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Hyundai Kona | Video Review | CarsIreland.ie

The Hyundai Kona is a small SUV that makes a big impact, but underneath those quirky looks lies a good, solid package.

“The Hyundai Kona is a small SUV that makes a big impact, but underneath those quirky looks lies a good, solid package.”

  • Stand-out looks

  • Generous standard kit and safety features

  • Five year warranty

75%

Overall Rating

  • Stand-out looks

  • Limited engine choice

  • There are roomier rivals out there

Overall Rating

Overview

Hyundai appear to have the larger end of the SUV segment sewn up with the Tucson, which has found a home on many an Irish driveway thanks to its conservative good looks and generous equipment levels.

The Kona is their entry to the younger, trendier ‘Baby SUV’ segment, and will be sure to turn heads with its distinctive styling.

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Interior Gallery

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Space & Practicality

The interior is a lot more sedate than the exterior, and the cabin feels pretty much like your typical Hyundai cabin. In other words, it’s smart and well put-together but nothing to get too excited over. You can add some optional pops of colour around the vents and in the stitching if you do want to liven things up. It is logically laid out, and they have kept the temperature controls as easy-to-use dials rather than integrated to the touchscreen, which we are always happy to see. The screen itself also offers a simple, user-friendly interface, even if the graphics aren’t particularly mind-blowing.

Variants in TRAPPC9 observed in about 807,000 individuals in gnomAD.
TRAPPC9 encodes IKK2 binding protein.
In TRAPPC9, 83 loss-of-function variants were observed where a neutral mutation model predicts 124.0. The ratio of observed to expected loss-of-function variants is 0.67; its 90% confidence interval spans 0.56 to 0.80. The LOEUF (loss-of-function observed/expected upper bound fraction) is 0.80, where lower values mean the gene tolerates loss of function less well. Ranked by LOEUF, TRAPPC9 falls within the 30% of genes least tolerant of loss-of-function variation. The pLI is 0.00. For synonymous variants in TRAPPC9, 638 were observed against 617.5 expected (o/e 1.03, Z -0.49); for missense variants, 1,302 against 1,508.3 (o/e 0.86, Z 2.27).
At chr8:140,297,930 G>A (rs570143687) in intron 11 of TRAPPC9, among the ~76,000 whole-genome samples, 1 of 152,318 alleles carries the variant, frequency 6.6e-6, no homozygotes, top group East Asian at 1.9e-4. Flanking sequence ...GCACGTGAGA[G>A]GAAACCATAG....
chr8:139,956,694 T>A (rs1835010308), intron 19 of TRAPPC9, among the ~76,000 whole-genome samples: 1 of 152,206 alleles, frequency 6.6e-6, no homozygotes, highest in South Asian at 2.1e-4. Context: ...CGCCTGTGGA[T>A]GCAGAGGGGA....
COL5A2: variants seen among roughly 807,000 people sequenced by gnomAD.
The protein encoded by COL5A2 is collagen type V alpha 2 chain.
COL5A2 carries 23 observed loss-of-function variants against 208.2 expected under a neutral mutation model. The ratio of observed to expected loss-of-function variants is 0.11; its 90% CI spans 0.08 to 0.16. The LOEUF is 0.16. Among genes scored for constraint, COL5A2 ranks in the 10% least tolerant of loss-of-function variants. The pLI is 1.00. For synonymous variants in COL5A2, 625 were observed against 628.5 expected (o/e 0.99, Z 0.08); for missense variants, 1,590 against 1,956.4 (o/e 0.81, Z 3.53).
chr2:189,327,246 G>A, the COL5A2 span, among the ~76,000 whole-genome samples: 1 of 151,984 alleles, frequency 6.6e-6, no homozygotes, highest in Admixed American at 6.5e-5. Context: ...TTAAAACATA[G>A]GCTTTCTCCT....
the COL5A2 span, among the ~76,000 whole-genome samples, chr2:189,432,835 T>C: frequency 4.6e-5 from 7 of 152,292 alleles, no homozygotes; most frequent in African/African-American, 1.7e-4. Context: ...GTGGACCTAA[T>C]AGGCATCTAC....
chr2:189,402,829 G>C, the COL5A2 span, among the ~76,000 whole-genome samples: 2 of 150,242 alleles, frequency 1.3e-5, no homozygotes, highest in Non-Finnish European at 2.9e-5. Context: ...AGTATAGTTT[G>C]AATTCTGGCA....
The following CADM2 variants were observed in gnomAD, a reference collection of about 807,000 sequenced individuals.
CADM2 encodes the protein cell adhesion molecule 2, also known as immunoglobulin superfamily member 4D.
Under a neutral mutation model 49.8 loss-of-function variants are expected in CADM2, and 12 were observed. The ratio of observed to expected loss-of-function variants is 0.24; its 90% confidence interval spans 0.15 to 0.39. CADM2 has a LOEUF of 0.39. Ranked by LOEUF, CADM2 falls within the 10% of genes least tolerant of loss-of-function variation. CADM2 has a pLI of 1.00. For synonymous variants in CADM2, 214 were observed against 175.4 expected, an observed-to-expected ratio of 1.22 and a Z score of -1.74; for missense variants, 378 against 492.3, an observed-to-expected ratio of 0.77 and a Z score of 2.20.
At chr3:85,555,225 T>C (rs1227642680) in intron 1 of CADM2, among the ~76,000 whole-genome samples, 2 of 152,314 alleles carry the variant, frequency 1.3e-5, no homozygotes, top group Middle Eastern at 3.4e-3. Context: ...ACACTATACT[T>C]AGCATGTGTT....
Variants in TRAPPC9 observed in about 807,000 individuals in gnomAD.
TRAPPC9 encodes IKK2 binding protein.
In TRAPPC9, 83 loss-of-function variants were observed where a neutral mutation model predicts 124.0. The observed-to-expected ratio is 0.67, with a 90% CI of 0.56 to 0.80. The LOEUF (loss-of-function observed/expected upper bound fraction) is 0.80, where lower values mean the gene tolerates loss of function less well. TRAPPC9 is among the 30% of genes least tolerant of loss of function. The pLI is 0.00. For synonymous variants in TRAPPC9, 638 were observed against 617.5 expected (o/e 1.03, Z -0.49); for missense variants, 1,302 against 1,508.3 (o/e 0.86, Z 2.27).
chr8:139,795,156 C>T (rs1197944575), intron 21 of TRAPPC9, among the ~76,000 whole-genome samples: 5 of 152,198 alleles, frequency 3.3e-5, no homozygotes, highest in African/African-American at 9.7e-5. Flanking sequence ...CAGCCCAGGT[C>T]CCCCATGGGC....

Storage wise it passes the vital road tests, with space for a hot drink and your phone in the centre console, a decent size glovebox, and doorbins wide enough to fit a large bottle of water. There is a good feeling of space in the cabin in general, particularly in terms of shoulder room, complemented by a comfortable driving position with plenty of adjustment.

Space in the back is pretty typical for this segment in that it’s not especially roomy for adults, and the thing to remember about these cars is that while they might look big and beefed up, the space inside is generally not much bigger than the small hatchbacks they are based on. So while two adults should be reasonably comfortable back there, three will be a tight enough squeeze.That said, kids will be fine, and there are two sets of Isofix anchors for childseats.

The boot then measures in at 361 litres. That is smaller than the i30 hatchback (380l), larger than the i20 super mini (326l) and about middle of the road when compared to competitors. It’s slightly bigger than a Kia Stonic (353l) but smaller than a Seat Arona (400l). It is quite practically shaped, with a large wide opening and the backseats fold completely flush, leaving a smooth loading area for any more heavy-duty shopping trips.

Equipment and Safety

Spec and Tech are two strong points for the Kona. The entry level comfort model comes equipped with 16 alloy wheels, air-con, cruise control, automatic lighting and some impressive safety features like lane keep assist and driver fatigue warning.